Nearly two years after a massive rain flooded many homes in Arlington Heights, the village board on Monday informally approved spending nearly $300,000 for a comprehensive study of the sewer system and flooding issues. Results of the study and recommended solutions are still several months away, however.
The Arlington Heights committee of the whole recommended a study proposal from CDM Smith not to exceed $285,781. The study is expected to take six months. The full village board will formally approve the proposal next Monday.
"This is the comprehensive study we've talked about since July 2011," said Public Works Director Scott Shirley.
Although the village has been criticized for moving too slowly on flooding fixes, Shirley said the public works department has been reviewing proposals from four different firms to do the study for the past 18 months because of the complexity of the project. Although the CDM proposal was not the lowest bid, public works officials said the firm had the necessary experience to handle the complexity of the study.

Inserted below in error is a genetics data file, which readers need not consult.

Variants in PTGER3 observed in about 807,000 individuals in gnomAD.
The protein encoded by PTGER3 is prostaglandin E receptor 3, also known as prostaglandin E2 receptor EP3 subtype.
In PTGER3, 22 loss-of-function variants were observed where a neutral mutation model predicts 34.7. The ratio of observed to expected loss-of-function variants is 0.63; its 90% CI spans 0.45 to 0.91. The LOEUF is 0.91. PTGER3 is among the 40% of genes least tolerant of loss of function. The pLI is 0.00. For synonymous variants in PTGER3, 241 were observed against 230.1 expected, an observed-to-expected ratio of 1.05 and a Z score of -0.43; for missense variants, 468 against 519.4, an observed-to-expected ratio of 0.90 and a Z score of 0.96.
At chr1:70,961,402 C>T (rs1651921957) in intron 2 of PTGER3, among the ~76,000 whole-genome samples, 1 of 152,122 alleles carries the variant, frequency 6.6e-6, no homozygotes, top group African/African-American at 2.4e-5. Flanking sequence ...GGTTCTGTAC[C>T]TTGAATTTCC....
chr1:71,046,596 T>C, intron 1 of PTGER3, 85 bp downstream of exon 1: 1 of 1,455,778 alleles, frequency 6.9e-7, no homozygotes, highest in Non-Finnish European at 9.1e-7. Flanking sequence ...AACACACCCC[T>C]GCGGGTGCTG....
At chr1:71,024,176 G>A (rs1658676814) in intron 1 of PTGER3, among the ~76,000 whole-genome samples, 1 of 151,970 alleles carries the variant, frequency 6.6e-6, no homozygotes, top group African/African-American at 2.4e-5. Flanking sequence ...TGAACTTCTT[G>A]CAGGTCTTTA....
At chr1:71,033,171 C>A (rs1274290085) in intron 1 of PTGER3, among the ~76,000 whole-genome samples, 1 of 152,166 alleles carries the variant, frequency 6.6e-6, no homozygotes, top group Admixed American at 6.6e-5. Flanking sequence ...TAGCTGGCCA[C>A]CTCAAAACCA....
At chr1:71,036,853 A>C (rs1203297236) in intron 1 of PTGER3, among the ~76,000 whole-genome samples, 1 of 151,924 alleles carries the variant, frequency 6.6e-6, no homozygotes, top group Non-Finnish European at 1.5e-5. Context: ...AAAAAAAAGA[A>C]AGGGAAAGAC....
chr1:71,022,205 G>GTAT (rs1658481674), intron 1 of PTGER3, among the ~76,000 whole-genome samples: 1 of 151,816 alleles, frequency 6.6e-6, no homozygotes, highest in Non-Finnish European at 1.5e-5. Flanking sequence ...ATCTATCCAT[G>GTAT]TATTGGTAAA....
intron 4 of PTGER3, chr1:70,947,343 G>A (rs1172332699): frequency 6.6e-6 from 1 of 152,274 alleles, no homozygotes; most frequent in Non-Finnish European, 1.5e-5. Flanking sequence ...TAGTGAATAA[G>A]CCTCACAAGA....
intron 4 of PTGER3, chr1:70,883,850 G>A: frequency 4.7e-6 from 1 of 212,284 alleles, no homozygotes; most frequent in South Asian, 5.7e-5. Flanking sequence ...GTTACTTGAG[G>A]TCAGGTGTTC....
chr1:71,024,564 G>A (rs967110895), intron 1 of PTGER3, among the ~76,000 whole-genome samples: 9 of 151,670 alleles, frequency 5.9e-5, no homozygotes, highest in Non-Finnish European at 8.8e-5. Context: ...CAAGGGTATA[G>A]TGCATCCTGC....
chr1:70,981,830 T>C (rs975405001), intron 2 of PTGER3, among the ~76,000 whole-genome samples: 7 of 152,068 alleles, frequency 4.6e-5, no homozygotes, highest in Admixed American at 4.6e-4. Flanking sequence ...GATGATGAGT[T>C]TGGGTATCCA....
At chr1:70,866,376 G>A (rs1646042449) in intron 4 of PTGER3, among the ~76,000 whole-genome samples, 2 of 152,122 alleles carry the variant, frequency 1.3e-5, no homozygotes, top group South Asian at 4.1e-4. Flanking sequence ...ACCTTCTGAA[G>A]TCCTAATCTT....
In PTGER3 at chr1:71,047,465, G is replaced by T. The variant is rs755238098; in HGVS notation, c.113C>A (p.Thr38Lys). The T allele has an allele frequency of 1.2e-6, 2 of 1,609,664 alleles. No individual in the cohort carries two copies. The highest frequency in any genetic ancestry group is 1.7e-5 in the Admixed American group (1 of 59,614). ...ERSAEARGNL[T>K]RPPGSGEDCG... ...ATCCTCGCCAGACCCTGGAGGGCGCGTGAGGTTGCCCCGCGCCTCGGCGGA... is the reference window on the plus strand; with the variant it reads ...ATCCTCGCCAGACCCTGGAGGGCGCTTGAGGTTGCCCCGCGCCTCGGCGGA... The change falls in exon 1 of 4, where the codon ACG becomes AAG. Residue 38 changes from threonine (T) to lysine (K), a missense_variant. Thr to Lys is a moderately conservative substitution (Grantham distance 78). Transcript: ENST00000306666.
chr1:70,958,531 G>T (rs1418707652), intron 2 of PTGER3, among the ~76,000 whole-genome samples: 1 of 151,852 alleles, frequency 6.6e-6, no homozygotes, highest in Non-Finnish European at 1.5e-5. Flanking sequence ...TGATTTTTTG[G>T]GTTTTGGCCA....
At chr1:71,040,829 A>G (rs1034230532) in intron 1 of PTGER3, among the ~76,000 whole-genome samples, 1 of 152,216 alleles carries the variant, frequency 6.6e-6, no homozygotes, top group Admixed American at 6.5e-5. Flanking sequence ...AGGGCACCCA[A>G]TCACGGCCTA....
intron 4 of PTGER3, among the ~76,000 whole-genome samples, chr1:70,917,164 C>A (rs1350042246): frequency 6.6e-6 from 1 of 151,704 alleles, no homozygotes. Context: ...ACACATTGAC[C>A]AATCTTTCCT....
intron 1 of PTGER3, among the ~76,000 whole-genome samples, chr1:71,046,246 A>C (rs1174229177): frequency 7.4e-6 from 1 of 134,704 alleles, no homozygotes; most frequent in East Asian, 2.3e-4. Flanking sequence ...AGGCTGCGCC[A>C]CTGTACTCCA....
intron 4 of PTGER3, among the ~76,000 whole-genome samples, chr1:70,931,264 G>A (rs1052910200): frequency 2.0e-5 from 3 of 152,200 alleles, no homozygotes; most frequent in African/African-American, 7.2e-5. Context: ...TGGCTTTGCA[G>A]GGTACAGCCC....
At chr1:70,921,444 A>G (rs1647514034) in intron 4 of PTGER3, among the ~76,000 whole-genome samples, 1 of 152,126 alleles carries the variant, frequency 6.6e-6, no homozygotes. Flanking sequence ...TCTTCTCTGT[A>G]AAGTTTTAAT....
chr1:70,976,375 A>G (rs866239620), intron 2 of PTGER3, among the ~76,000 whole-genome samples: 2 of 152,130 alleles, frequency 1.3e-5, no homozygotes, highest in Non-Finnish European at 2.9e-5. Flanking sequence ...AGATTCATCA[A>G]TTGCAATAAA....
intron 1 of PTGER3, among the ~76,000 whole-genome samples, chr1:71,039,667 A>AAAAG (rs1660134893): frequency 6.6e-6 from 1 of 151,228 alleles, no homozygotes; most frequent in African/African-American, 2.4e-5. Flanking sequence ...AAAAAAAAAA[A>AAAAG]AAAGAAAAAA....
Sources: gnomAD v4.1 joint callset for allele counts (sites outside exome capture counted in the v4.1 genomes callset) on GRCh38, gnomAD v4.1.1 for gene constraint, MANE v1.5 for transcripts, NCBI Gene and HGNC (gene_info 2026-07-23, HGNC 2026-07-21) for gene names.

The study will collect and analyze data about the village's sewer system, characterize the 2011 flood event, and look at if the Arlington Heights system is designed to withstand up to 10-year-level storm events, as officials believe. At the end of data collection, the firm will present several fixes with a variety of costs attached to them, Shirley said.
"I'm looking forward to the answers, but I'm also not looking forward to the answers," Trustee John Scaletta said, because of the costs associated with any needed long-term fixes.
Paying for the study, which was planned in this year's budget, is one thing, but paying for large-scale improvements that the study may recommend, is another, officials said.
"There is no funding available for any large-scale improvements," Shirley said. "If we decide to proceed with any improvements there will have to be a discussion of how it will get paid for."
Trustee Carol Blackwood expressed frustration at the length of process and said she wanted to do more to help residents now.
Blackwood suggested taking the money that will be spent on a study and spending it instead on overhead sewers for residents who need it most, but Trustee John Scaletta reminded her that would help fewer than 20 residents.
One solution Shirley said residents can take advantage of is installing overhead sewers on their homes, The village offers program that pays for 50 percent of the project up to $7,500.
Blackwood and other trustees said they are expecting more out of the study than solutions they already know about.
"I wouldn't want to spend $300,000 to hear that people need overhead sewers. I want to hear more than that," Blackwood said. "But at the end of the day we don't have the money to pay for it."